22 August, 2017

Toblenone - The Battle of the Peaks Begins Over the Toblerone Shape

Imitation is thought to be the greatest form of flattery, but in the world of IP, this is often the opposite of the case. Copying the looks of a product can be quite beneficial for the copying company, riding on the coattails of a potentially well-known look of a product, especially if they are undercutting the price of the original. This blog has discussed issues of generic packaging before, and the notorious KitKat saga, but none of the cases have looked at the matter of changing the shape of the original product, yet still seeking protection over the shape.

A recent case discussed in the Guardian has shed a new perspective, as discussed above, relating to the Toblerone chocolate bar. Poundland, a UK discount retailer selling products predominantly at £1, launched their Toblerone competitor Twin Peaks earlier this summer, aiming to compete against the reduced size Toblerone bar. This change featured bigger gaps in the Toblerone bar between the iconic triangular peaks, due to rising ingredient prices.

The matter has since gone to court, with Mondelez (the company that owns the Toblerone brand) arguing (possibly among other grounds) trademark infringement. Poundland have counterclaimed (possibly among other grounds) for invalidity and argued that "…the triangular prism shape of the Toblerone bar, which was registered under an EU trademark in 1997, is no longer distinctive partly because of the existence of the new version". Adding to this, they argued that "…any good reputation enjoyed by the Toblerone bar trademark has been “irretrievably abandoned” by the launch of the product with bigger gaps between its nine chunks, which the public “consider unfavourably in comparison”".

Mondelez put a wholly different spin
on the change to the Toblerone bar
The crux of the question is therefore whether the trademark registered by Toblerone (EUTM 31237) would no longer be distinctive due to the change in the Toblerone chocolate bar, and even if it's distinctive, whether the Twin Peaks bar creates a different impression so as to not infringe on the trademark or other possible rights under common law.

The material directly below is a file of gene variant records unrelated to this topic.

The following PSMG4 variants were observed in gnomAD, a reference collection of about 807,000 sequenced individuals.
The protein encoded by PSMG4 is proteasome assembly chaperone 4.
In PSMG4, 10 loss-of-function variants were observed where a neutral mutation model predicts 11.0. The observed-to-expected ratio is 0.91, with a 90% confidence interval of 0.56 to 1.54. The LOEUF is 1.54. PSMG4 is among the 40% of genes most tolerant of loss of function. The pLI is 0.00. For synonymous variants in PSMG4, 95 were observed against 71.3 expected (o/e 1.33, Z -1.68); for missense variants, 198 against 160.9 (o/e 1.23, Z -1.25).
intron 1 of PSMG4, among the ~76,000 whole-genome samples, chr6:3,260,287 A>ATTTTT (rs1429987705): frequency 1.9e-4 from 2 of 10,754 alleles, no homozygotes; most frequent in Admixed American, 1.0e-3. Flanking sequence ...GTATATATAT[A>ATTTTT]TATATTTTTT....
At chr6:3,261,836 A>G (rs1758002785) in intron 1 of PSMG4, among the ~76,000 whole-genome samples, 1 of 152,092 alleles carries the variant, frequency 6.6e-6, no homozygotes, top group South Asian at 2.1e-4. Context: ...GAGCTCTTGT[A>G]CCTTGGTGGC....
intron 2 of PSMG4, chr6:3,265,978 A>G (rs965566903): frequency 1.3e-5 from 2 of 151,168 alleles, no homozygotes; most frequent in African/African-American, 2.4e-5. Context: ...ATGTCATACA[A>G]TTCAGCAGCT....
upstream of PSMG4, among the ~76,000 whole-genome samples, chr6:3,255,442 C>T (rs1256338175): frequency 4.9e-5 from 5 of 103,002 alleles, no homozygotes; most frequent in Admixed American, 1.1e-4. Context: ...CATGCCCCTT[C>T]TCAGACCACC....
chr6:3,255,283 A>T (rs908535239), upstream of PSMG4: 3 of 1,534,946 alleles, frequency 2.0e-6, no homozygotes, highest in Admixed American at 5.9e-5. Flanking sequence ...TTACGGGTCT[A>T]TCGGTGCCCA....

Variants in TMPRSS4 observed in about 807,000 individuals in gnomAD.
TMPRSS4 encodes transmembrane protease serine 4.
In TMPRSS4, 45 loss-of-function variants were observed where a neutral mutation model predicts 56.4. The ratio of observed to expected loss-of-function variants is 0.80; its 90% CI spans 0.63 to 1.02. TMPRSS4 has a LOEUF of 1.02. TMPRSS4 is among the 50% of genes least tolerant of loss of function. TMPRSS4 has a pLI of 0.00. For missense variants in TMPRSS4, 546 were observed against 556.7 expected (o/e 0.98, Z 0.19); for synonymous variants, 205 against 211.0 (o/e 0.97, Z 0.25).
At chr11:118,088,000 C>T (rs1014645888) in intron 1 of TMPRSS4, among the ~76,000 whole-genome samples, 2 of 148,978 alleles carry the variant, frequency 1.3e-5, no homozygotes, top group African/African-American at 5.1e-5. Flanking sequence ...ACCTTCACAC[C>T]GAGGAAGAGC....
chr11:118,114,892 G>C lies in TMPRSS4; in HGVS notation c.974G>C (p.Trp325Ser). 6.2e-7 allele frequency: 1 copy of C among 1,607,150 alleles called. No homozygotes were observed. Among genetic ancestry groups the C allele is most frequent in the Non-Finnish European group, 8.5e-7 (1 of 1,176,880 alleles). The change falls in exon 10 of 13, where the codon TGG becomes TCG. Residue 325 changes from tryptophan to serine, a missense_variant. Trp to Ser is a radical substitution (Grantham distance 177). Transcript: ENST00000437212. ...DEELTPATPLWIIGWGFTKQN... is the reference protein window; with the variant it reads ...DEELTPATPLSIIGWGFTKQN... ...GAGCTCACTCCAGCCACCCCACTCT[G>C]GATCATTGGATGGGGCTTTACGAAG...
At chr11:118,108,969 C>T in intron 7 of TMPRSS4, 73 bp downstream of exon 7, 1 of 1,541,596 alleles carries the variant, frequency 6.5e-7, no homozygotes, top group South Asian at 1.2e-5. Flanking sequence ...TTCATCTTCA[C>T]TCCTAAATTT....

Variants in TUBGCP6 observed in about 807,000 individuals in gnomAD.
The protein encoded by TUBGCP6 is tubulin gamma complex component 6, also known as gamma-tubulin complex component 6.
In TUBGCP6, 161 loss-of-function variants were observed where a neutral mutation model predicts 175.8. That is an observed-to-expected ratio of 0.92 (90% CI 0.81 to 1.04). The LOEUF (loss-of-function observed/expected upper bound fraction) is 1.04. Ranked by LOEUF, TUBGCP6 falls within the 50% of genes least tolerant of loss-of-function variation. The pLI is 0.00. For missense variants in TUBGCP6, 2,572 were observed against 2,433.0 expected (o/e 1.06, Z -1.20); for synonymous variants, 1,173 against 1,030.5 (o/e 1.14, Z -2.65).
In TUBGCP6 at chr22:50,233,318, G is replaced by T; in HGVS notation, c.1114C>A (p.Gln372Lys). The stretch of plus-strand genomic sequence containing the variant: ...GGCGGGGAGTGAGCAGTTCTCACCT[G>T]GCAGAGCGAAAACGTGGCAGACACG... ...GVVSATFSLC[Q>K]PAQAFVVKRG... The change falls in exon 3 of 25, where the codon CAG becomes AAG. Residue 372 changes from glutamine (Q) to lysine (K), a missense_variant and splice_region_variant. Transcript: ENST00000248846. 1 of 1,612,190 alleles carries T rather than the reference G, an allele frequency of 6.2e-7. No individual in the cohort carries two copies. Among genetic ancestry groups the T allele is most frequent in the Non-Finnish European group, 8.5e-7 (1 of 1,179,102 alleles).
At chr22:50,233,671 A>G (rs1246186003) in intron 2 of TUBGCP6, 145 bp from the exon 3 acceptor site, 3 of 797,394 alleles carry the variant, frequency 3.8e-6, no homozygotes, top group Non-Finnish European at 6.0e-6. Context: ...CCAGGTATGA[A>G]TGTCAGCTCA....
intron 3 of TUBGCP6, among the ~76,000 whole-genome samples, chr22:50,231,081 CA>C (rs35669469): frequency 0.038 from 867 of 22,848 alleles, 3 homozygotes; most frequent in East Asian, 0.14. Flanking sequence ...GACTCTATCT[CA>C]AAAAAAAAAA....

Arguably, Poundland potentially do have a point. The Toblerone bar has reduced its size by about 10%, and changed its shape from the registered 12 peaks to 11, with the gaps between the peaks has doubled by this writer's estimate. The base of the bar has also arguably become thinner. The Twin Peaks bar does not feature the wider gaps of the new Toblerone bar, including having a curved gap rather than a flat one, and splits the peaks into two. The Twin Peaks bar is also sold in a loosely fitting wrapper packaging, rather than a hard triangular cardboard package.

Case law has looked at changes to earlier registrations, and it does not necessarily bode well for Toblerone. In The Coca-Cola Company v OHIM the cola manufacturer changed the look of their iconic bottle, removing its distinctive fluting, and due to this change the EU General Court rejected their application for a lack of acquired distinctiveness, as "…[the bottle] was a mere variant of the shape and packaging of the goods concerned, which would not enable the average consumer to distinguish the goods from those of other undertakings". It is possible for the registration to be attacked (although the name and the triangular packaging will still arguably remain protected), so Toblerone would benefit from a new registration for the reduced size bar, unless it is simply treated as a stop-gap while prices are still high for some ingredients.

The Toblerone question is a very curious one, and this writer for one would love to see the case actually go to court (but heavily doubts this will happen). The point of changing the shape of a product with an existing trademark registration hasn't been dealt with by the judiciary much at all, so more light on this issue would be very helpful for both would-be registrants and competitors alike.

Source: The Guardian

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